Bolan, Sempervivum, Stapelioides used as a vegetable, and for fever by
Hindoos, Artemisiae, Solanum sp.
Along water, Adiantum, Mentha, Epilobium, Verbena officinalis, Solanum
nigrum, Jacquinifol. pinnatif. spinosus about cultivation.
On slaty rocks which form the bed of the ravine or ghat, Dodonaea,
Hyoscyamus, and Cyrthandracea are found.
The building consists of a wall near the edge of a ridge, which
terminates some twenty feet from the steep precipice of 300 to 500 feet:
it is 200 to 300 yards in length, and is terminated at either end by two
towers, both of which are ruinous, it is built of slabs and rough blocks
of limestone, between which are layers of slate, much like the Bactrian
pillar, and very superior to modern buildings: what its use was, it would
be difficult to conjecture as it is out of musket shot of the ghat, which
it only commands by being above it. There is no water on the top, nor is
there any well-marked path up to it: curious mortar-like excavations were
observed in a mass of limestone just below, probably for pounding rice.
Up the ravine are remains of terraces formerly used for cultivation, but
now mostly disused. At 700 to 800 feet above the ghat the ravine abounds
with the Ficus of Gundamuck; this and the Adhatoda or _Rooss_ are perhaps
cultivated: the ravine is pretty well entangled with Ficus and brushwood.
It consists of metamorphosed rocks and excavated limestone; some mosses
occur, and Adiantum abounding.
From the ridge, a rather extensive view to the south is obtained,
extending to the Khyber fort, which is of the ordinary square form, and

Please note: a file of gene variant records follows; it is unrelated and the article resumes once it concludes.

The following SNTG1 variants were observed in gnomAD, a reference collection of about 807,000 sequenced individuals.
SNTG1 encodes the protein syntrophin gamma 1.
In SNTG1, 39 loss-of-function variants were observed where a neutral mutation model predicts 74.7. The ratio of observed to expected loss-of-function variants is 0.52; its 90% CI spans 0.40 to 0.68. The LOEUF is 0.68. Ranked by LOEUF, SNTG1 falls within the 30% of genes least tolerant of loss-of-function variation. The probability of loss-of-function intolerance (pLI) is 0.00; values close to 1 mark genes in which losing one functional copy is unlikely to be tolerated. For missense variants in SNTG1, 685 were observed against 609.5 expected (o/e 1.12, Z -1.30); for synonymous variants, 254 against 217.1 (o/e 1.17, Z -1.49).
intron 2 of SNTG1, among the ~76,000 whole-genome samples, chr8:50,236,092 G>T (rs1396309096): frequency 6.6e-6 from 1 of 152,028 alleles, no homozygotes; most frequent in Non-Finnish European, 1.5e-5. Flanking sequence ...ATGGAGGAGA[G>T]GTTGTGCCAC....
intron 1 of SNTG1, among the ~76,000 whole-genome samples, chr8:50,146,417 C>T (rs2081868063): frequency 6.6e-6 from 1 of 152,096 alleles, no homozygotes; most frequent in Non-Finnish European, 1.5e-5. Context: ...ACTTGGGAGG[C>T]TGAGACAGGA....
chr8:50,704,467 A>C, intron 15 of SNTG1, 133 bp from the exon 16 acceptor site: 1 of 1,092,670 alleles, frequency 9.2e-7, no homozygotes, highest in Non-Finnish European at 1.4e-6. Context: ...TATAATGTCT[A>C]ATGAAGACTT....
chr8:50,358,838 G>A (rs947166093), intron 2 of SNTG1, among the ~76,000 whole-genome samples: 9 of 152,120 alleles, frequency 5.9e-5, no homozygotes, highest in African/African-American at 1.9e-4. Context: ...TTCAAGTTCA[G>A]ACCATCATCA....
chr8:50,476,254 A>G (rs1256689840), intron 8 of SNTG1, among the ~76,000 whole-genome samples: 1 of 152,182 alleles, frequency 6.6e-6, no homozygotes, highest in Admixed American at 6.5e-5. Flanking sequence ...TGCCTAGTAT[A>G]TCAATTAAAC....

just below it, a tower and house. To the east, and all around a good
deal of cultivation occurs; also several high ridges, say 7,000 feet; one
terminating 4,000 feet above us, presents a very rugged outline with the
appearance of rather large trees. The road up to the ghat is visible, as
well as the _Choky_ and a fort, with a small sheet of cultivation to the
eastward. Beyond this a ravine, then two other ridges, of which the
nearer one is high. The Cabul river passes to the NNW., and Lalpoor lies
to the north. One peak and a small piece of ridge of Hindoo-koosh, white
with snow, is seen very distinctly though distant, it must therefore be
very lofty; far more so than any part we have seen to the westward.
[Khyber Pass: p425.jpg]
_Description of the annexed map of the Khyber Pass_.
A. Kumdhukta. By this is Abkhanah route.
B. Little Khyber ghat, on Peshawur side.
C. Khyber ghat, entrance on the Jallalabad side.
D. Kurraha route.
E. Direction of Sofaid-Koh in the distance.
F. Flagstaff in the middle of the Pass.
The ground between the dotted lines and river, on the south, is, or has